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Was possession of weapons prohibited, encouraged, allowed to members of some organizations, or what?

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2 Answers 2

They had very strict gun laws from the Weimar government, that were made even tougher in 1938. There were the expected limitations on Jewish ownership and a requirement for "trustworthyness" (ie not opponents of the regime).

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I would point out Britain, a bulwark against nazi oppression (to use massive amounts of hyperbole), were also increasing restrictions on guns at the same time and so were the US. Just saying as this is clearly dangerously political territory. –  Nathan Cooper Dec 22 '12 at 22:35
I do not know the background. Did they permit private ownership or not? And under what conditions? –  Anixx Dec 22 '12 at 23:31
@NathanCooper - (1) "increasing" doesn't mean they had the same level of restrictions; (2) Both Britain and US had strong pro-Nazi elements at the time; and (3) At least in USA, the gun control especially had roots in racism (denying Blacks the right of self defense) –  DVK Dec 23 '12 at 13:18
(1)I'm hinting increasing gun laws aren't necessarily the road to dictatorship (2) Citation needed. Also nothing to do with gun regulations. (3) Citation needed. Also, I don't like with the obvious political bent of this thread. Are we learning about history or are we point scoring over gun control? (I agree today's debates should be informed by history, but we must also keep to conversations appropriate for stack exchange) –  Nathan Cooper Dec 23 '12 at 15:37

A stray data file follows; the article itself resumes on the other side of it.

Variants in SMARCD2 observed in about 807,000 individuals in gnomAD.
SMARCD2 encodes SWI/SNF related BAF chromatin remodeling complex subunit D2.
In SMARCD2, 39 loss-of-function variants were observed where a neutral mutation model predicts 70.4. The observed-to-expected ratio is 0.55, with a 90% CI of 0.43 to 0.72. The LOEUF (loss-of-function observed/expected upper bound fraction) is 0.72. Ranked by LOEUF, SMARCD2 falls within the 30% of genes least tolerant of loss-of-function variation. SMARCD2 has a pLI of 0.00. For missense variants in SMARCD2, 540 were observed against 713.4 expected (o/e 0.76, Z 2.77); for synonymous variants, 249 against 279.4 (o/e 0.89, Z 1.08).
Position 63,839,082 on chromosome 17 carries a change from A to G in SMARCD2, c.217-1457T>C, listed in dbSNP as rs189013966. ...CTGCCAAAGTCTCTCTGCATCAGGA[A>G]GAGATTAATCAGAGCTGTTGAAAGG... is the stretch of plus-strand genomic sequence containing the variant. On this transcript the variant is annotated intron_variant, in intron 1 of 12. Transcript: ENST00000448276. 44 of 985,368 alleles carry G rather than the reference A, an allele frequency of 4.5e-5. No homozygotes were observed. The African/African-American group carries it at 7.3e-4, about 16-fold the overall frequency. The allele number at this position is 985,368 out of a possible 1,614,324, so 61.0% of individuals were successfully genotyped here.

@NathanCooper - (2) Google Lindbergh (sp?). (1) You are contradicting yourself. You're either scoring a gin control political point that you yourself stating in #1, or you don't like political bent. Pick one :) –  DVK Dec 23 '12 at 22:28

As @Nathan Cooper indicated, under Hitler, most of the civil weapons legislation was not actually Hitler's - he inherited strong gun control laws from Weimar Republic (aside from total prohibition for the Jews since 1938).

However, the laws were written in a way that allowed pretty much unlimited restrictions and limitations by people in power, within the framework of that legislation:

  • Guns were required to have serial numbers
  • anybody owning one without a serial number had to have one stamped on it.
  • Permitting was mostly left up to the police.
  • Permits were only given to people of "undoubted reliability" who demonstrated a "need" for a gun (Hello from New York City).

Note the laxensess of definitions. The last bullet point was such that pretty much anyone you didn't want to have a gun wouldn't have one.

A very detailed discussion is in the second half of the Straight Dope article here (the first half was mostly devoted to debunking an infamous Hitler's gun control "quote").

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What that was in practice? Were civil weapons widespread or rare? –  Anixx Dec 24 '12 at 4:00

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